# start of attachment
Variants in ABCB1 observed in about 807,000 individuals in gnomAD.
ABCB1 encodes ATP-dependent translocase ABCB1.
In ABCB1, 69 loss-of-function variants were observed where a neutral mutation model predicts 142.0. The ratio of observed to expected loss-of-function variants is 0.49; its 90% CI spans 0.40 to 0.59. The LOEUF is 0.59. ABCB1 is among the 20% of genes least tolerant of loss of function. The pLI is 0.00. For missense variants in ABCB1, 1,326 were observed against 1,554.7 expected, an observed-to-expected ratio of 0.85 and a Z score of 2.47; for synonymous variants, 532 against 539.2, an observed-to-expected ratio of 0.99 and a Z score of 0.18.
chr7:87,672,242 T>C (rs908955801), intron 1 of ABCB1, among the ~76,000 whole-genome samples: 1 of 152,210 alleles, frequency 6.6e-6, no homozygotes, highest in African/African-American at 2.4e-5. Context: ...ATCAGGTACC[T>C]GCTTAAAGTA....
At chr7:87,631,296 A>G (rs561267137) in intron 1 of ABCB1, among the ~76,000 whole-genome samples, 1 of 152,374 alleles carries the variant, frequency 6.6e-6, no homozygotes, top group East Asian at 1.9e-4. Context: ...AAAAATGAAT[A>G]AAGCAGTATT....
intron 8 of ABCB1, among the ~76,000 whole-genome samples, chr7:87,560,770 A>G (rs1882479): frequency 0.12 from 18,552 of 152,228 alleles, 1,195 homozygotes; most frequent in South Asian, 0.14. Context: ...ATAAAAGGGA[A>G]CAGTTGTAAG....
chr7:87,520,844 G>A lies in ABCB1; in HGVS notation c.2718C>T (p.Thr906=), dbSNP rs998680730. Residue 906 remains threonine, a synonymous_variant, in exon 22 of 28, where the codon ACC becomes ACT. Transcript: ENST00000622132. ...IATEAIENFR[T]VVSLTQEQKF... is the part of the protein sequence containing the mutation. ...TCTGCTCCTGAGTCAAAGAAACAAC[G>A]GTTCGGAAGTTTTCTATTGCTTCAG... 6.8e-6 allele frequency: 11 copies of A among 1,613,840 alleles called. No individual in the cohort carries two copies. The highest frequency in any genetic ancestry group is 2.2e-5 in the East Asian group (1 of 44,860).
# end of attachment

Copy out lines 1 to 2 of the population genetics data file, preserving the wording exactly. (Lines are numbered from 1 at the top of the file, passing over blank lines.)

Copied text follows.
Variants in ABCB1 observed in about 807,000 individuals in gnomAD.
ABCB1 encodes ATP-dependent translocase ABCB1.